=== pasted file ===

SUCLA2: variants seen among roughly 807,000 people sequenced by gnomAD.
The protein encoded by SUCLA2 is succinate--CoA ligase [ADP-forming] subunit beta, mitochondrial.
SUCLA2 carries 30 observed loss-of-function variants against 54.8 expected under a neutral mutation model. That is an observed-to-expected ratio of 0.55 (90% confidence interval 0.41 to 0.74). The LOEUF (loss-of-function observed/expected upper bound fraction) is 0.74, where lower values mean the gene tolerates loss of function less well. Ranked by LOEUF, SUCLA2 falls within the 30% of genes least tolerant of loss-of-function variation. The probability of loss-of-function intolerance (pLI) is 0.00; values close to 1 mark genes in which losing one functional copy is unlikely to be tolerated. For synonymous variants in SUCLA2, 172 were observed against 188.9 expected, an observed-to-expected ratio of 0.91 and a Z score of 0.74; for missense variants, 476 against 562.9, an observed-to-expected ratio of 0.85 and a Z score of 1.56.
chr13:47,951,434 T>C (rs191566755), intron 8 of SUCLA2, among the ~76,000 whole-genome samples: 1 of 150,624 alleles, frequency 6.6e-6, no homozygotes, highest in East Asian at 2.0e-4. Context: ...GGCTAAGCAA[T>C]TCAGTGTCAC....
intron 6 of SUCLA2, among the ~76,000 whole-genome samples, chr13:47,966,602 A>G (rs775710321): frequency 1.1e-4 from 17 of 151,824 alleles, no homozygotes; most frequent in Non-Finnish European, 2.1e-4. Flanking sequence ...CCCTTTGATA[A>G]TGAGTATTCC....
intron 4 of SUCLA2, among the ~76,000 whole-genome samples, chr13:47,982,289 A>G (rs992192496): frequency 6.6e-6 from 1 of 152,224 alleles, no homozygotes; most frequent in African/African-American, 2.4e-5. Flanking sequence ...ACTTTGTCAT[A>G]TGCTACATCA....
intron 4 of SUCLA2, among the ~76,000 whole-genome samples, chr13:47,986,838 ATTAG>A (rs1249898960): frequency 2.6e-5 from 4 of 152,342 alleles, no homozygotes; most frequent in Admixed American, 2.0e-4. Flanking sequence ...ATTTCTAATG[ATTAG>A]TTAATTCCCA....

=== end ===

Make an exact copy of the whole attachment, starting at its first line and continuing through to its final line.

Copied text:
SUCLA2: variants seen among roughly 807,000 people sequenced by gnomAD.
The protein encoded by SUCLA2 is succinate--CoA ligase [ADP-forming] subunit beta, mitochondrial.
SUCLA2 carries 30 observed loss-of-function variants against 54.8 expected under a neutral mutation model. That is an observed-to-expected ratio of 0.55 (90% confidence interval 0.41 to 0.74). The LOEUF (loss-of-function observed/expected upper bound fraction) is 0.74, where lower values mean the gene tolerates loss of function less well. Ranked by LOEUF, SUCLA2 falls within the 30% of genes least tolerant of loss-of-function variation. The probability of loss-of-function intolerance (pLI) is 0.00; values close to 1 mark genes in which losing one functional copy is unlikely to be tolerated. For synonymous variants in SUCLA2, 172 were observed against 188.9 expected, an observed-to-expected ratio of 0.91 and a Z score of 0.74; for missense variants, 476 against 562.9, an observed-to-expected ratio of 0.85 and a Z score of 1.56.
chr13:47,951,434 T>C (rs191566755), intron 8 of SUCLA2, among the ~76,000 whole-genome samples: 1 of 150,624 alleles, frequency 6.6e-6, no homozygotes, highest in East Asian at 2.0e-4. Context: ...GGCTAAGCAA[T>C]TCAGTGTCAC....
intron 6 of SUCLA2, among the ~76,000 whole-genome samples, chr13:47,966,602 A>G (rs775710321): frequency 1.1e-4 from 17 of 151,824 alleles, no homozygotes; most frequent in Non-Finnish European, 2.1e-4. Flanking sequence ...CCCTTTGATA[A>G]TGAGTATTCC....
intron 4 of SUCLA2, among the ~76,000 whole-genome samples, chr13:47,982,289 A>G (rs992192496): frequency 6.6e-6 from 1 of 152,224 alleles, no homozygotes; most frequent in African/African-American, 2.4e-5. Flanking sequence ...ACTTTGTCAT[A>G]TGCTACATCA....
intron 4 of SUCLA2, among the ~76,000 whole-genome samples, chr13:47,986,838 ATTAG>A (rs1249898960): frequency 2.6e-5 from 4 of 152,342 alleles, no homozygotes; most frequent in Admixed American, 2.0e-4. Flanking sequence ...ATTTCTAATG[ATTAG>A]TTAATTCCCA....